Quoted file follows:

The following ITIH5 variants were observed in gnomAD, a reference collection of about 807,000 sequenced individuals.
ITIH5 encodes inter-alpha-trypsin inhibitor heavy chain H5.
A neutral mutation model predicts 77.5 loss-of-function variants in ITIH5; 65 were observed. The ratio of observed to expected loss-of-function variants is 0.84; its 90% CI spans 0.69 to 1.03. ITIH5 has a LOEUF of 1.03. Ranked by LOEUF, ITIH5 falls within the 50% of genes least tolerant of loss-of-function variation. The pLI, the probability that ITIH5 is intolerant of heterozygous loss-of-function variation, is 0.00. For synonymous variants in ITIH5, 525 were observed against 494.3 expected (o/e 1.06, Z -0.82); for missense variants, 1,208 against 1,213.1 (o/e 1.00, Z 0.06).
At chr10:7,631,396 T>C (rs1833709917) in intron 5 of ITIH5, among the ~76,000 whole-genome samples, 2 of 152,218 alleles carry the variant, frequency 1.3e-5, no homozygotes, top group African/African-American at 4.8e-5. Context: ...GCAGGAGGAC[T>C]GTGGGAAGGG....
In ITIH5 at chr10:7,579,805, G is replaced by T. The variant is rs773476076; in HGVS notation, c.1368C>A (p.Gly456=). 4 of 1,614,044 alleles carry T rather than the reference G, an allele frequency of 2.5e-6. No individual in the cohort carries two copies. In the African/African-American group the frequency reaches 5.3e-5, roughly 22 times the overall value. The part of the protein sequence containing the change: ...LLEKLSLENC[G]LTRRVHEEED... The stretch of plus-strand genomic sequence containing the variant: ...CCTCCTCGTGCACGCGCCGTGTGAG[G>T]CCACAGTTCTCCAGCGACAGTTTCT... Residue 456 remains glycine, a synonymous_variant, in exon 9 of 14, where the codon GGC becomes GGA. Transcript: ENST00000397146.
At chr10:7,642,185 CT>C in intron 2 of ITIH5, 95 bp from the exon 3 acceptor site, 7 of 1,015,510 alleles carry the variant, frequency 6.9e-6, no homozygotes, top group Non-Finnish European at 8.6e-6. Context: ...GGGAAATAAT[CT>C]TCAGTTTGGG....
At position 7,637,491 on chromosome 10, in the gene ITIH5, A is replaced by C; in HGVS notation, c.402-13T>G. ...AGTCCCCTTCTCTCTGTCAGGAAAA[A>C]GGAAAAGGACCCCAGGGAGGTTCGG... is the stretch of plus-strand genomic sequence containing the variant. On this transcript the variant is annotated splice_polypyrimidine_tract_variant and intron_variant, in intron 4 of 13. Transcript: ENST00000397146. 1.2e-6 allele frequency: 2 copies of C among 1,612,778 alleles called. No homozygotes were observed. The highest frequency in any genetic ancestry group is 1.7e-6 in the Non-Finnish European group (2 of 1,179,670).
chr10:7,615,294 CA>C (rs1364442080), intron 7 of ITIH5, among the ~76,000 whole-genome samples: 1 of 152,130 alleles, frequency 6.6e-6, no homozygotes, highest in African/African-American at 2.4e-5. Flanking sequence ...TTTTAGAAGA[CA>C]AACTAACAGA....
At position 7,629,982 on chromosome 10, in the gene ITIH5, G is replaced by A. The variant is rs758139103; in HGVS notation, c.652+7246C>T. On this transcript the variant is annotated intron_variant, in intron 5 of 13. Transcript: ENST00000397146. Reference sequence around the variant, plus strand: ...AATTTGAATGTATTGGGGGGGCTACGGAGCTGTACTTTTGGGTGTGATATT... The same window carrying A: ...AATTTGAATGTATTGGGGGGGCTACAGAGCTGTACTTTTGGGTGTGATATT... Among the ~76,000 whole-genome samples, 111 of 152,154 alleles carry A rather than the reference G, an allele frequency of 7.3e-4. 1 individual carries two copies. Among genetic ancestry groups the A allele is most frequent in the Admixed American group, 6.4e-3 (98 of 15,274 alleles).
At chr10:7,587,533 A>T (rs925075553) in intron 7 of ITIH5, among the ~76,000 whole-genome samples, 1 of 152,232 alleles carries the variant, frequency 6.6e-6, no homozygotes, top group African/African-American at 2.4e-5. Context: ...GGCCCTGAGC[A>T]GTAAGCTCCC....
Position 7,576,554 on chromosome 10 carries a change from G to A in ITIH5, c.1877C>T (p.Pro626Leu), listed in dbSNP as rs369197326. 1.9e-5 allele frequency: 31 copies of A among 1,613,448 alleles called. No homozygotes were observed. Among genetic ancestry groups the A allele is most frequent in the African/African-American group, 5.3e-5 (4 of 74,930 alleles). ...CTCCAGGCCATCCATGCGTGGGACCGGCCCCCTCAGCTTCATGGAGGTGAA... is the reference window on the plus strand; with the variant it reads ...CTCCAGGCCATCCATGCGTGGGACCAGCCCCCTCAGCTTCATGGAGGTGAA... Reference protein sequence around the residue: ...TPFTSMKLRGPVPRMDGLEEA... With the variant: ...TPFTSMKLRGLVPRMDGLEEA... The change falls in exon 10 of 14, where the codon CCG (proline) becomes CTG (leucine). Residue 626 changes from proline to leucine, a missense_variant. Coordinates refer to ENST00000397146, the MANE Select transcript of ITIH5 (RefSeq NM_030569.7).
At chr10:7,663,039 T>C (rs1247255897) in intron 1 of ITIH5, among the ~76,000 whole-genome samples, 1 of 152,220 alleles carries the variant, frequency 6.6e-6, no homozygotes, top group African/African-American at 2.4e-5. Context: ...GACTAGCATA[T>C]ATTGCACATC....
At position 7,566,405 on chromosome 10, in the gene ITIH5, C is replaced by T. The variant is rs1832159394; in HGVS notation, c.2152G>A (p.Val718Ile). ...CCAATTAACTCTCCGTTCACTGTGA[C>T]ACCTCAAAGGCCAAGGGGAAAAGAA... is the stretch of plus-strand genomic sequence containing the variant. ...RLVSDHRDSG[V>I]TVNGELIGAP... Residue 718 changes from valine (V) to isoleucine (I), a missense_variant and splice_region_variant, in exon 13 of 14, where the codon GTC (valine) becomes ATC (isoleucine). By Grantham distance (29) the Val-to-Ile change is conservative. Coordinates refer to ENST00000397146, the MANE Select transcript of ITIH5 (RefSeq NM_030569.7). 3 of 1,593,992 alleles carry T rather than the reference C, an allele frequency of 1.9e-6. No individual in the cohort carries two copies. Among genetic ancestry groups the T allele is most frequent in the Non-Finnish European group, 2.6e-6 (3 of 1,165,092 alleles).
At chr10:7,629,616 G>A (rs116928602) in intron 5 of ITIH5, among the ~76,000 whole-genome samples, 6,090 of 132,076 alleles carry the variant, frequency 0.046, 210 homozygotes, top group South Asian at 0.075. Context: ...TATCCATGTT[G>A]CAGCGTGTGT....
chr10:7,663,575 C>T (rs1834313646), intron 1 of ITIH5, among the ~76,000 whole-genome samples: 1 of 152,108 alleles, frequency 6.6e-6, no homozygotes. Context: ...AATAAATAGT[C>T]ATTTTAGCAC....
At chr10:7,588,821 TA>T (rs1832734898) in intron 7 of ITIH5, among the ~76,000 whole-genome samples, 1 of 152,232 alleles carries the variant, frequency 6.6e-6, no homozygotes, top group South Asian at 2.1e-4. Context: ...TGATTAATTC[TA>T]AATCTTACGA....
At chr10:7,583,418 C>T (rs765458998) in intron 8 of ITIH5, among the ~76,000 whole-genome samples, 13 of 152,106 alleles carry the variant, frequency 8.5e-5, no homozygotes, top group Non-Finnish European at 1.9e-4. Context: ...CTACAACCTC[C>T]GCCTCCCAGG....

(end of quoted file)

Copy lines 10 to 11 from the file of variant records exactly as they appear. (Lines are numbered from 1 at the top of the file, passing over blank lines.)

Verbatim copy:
At chr10:7,587,533 A>T (rs925075553) in intron 7 of ITIH5, among the ~76,000 whole-genome samples, 1 of 152,232 alleles carries the variant, frequency 6.6e-6, no homozygotes, top group African/African-American at 2.4e-5. Context: ...GGCCCTGAGC[A>T]GTAAGCTCCC....
Position 7,576,554 on chromosome 10 carries a change from G to A in ITIH5, c.1877C>T (p.Pro626Leu), listed in dbSNP as rs369197326. 1.9e-5 allele frequency: 31 copies of A among 1,613,448 alleles called. No homozygotes were observed. Among genetic ancestry groups the A allele is most frequent in the African/African-American group, 5.3e-5 (4 of 74,930 alleles). ...CTCCAGGCCATCCATGCGTGGGACCGGCCCCCTCAGCTTCATGGAGGTGAA... is the reference window on the plus strand; with the variant it reads ...CTCCAGGCCATCCATGCGTGGGACCAGCCCCCTCAGCTTCATGGAGGTGAA... Reference protein sequence around the residue: ...TPFTSMKLRGPVPRMDGLEEA... With the variant: ...TPFTSMKLRGLVPRMDGLEEA... The change falls in exon 10 of 14, where the codon CCG (proline) becomes CTG (leucine). Residue 626 changes from proline to leucine, a missense_variant. Coordinates refer to ENST00000397146, the MANE Select transcript of ITIH5 (RefSeq NM_030569.7).